Books & Writers

An Interview With Myself

I’ve been writing this blog for six months, and to celebrate, i’m sharing a few writing-related facts about myself. Hope you enjoy!

Thirteen Things About K R Green

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These questions are nabbed from various interviews, with the original post (and a few questions) from The Eloquent Page.

Q1. What is your favourite word?

I have two, and they both sound like gibberish but have solid meanings.

 – Tmesis, which is the term for adding a word inside another: abso-blimming-lutely.

– Lemma, the official term for “meaning give to a word”. The lemma of dog is a member of the canine species which has been domesticated.

Q2. What is your least favourite word?

I know I have a couple, but I actually don’t think I can name them. It’s more about context or words that bothers me. Having said that, I hate the spelling of “dammit”. It’s damn it. Not dammit. I tried to write damnit, but I’ve given up facing the red squiggly lines on word processor programs, and just write “damn it” each time.

Q3. What profession other than your own would you like to attempt?

I think I’ve tried bits of everything I’ve thought I’d like to do. I’m not a mother yet, and that’s something I’d like to do for a few decades.

Q4. What is your favourite curse word? 

I do like the “c-word”, as people call it. Partly because it’s the same as any other four letter word – it has vowels and consonants and it relates to sexual organs and acts, like most swear words. I’ve heard that it used to mean “wise woman” and it does what swear words are meant to – it adds emphasis. It gets the reaction that “the f-word” used to get. And what’s the point of using a swear word over any other word? It’s to really draw attention to something important. If I’m going to swear, I want it to have the intended effect of attention, else I wouldn’t bother doing it.

Q5. If Heaven exists, what would you like to hear God say when you arrive at the Pearly Gates?

I’m hoping all the myths around the Norse Gods are real. Because that way it would go something like this:

K: [looks around nervously] Hi
God: Hi, wench.
K: Can I have a drink?
God: Beer?
K: Mead, if possible. Cider if not?
God: You’re picky, but I like your style. Head on through.

[walks into a massive hunting room full of meat and mead, with girls playing music and guys clapping as people dance and sing.]

I can’t say I believe that will happen, but it would be rad. 

Q6. Do you have a favourite fairy tale or well-known story?

Robin Hood’s story really speaks to me. I love the Disney movie from 1973 with foxes. It’s got a nice moral and it’s funny. It holds some fantastic lines of speech too [namely the seven-year-old rabbit’s “Death To Tyrants” line.]

Q7.  If your house was on fire, what book would you most want to save from the inferno?

If possible, proof copies of my previous stories and my signed books. Then my two favourite childhood trilogies. 

Q8. Name 3 things that always make you smile.

Green tea with jasmine

Being given/buying a new book

Upbeat/fast-paced violin music

Q9. What are 3 things that never fail to piss you off?

People being judgemental (homophobia, racial, the car they drive)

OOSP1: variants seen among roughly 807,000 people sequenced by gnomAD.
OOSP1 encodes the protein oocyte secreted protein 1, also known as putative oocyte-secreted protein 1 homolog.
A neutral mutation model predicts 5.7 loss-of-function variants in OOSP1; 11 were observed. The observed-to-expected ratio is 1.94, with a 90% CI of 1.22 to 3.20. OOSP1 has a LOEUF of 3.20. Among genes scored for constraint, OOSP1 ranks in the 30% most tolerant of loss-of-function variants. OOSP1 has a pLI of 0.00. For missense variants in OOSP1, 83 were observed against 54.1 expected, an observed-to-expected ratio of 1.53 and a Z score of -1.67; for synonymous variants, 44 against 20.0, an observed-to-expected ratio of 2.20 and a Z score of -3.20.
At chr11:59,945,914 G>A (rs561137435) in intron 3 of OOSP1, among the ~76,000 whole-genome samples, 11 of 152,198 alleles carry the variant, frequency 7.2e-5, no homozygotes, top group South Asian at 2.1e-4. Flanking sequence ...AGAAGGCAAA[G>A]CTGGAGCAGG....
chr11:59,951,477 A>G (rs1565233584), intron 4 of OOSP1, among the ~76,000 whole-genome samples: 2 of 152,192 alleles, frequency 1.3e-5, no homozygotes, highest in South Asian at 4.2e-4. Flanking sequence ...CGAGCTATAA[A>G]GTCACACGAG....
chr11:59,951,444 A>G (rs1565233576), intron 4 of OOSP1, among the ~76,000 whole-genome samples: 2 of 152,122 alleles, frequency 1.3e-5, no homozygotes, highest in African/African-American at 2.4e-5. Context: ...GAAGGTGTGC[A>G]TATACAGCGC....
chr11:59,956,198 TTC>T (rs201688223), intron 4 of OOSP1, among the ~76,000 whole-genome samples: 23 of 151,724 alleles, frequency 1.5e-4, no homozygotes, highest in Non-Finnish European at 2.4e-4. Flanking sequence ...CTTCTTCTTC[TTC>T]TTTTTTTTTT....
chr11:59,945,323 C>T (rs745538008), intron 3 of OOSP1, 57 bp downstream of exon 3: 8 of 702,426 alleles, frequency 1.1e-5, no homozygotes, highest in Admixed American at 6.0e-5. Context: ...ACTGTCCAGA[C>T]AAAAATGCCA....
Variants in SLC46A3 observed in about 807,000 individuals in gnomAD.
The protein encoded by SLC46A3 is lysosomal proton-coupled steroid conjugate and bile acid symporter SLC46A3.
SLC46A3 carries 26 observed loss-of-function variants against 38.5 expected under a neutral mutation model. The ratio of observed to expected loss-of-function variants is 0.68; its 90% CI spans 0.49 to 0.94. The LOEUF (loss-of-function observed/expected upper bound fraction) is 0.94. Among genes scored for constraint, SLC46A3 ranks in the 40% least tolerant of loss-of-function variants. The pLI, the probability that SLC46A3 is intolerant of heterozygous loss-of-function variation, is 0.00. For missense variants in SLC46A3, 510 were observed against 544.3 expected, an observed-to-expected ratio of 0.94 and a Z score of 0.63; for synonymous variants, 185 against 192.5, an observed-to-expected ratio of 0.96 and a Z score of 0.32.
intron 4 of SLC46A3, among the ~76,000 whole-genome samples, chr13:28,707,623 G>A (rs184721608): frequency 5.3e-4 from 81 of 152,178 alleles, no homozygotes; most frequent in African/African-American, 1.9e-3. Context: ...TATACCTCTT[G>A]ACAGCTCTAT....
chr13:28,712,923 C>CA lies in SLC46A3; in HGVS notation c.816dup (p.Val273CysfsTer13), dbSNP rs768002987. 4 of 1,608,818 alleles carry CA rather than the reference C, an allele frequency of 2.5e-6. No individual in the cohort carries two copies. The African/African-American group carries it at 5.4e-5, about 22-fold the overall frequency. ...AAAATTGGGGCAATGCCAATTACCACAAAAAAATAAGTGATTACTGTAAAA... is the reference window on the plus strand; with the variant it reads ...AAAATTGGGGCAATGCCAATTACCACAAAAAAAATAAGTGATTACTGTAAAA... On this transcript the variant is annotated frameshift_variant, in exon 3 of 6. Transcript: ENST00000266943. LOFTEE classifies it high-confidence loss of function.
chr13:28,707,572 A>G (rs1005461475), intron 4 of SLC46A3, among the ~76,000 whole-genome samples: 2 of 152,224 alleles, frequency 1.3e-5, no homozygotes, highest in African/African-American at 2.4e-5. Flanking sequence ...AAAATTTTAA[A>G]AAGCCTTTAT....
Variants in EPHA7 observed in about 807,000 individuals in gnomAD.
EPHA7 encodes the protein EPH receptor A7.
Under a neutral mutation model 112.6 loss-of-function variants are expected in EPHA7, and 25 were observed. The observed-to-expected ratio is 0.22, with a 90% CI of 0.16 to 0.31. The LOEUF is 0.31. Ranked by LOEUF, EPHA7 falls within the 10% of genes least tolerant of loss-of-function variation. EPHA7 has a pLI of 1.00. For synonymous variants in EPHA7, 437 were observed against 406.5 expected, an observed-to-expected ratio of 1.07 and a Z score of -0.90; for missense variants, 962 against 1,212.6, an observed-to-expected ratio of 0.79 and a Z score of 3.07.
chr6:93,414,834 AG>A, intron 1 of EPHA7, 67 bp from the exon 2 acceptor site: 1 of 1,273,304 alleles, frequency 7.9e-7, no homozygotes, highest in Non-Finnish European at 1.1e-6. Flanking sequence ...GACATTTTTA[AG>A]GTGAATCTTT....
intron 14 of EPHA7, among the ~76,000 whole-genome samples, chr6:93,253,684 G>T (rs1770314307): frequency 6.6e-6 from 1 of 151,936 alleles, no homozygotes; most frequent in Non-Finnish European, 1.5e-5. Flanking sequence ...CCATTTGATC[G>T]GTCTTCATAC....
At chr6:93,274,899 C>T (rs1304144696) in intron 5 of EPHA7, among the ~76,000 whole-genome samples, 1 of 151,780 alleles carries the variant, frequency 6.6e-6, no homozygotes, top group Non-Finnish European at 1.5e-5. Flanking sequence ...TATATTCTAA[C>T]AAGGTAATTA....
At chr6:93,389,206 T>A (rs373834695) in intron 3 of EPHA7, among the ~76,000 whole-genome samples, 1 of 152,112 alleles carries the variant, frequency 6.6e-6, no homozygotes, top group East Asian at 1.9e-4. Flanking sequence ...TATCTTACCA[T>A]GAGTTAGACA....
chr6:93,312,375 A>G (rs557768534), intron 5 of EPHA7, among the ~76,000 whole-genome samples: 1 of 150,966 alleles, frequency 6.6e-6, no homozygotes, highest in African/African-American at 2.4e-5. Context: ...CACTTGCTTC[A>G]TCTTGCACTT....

Anyone who uses grammar inappropriately (its versus it’s)

Stories/pictures/trailers that contain violence/cruelty that I haven’t asked to see. (Just because it’s after 9pm doesn’t mean I want to see a horror movie trailer before bed, thanks.)

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Q10. You’ve said before that you started out with National Novel Writing Month in 2009, but was that the real beginning?

I’ve been writing stories for as long as I can remember. I’ve actually found a copy of a book I made when I was eight on my grandmother’s typewriter. (see picture)

But the idea that I could write a full story happened in that NaNoWriMo. I re-wrote it twice more before deciding I wasn’t ready to meet the story’s needs. It’s still on a list as a “maybe one day” though.

Q11. Is there a book you love above all others? One that had a great influence on you or your life?

I have a couple of favourite series that I would say “changed my life” or made it what it is today.

‘The Sight’ and ‘Fell’ by David Clement-Davies

‘Silverwing’, ‘Sunwing’ and ‘Firewing’ by Kenneth Oppel (and also ‘Dusk’, a prequel I read years later)

They were the first books where I had really encountered death in a way that I could understand it. Kenneth Oppel’s series was definitely the beginning of my desire to understand nature and my introduction to some of the pagan ideas that are mentioned in some of my stories.

Q12. What’s on your writing desk? (Or in the space where you write)?

Not a lot – I have a desk that is literally only as wide as my laptop and the mouse mat beside it. And somehow it still gets cluttered up!

It generally contains my laptop on it’s fan-pad, a mousepad and mouse, pack of post-it-notes (but never a pen!) and a coaster (often with a cup of herbal tea on it).
Then on the floor, leaning against the desk legs, are my two files of writing notes.

Q13. Other than writing, what would you say your interests or expertise include?

Mental Health / Domestic Abuse / Suicide Awareness (work experience = these are important to me)
Neuroscience (MSc in the subject, so I guess that counts)
Palaeontology (dinosaurs, rawr)

What else would you like to know? Ask away in the comments!

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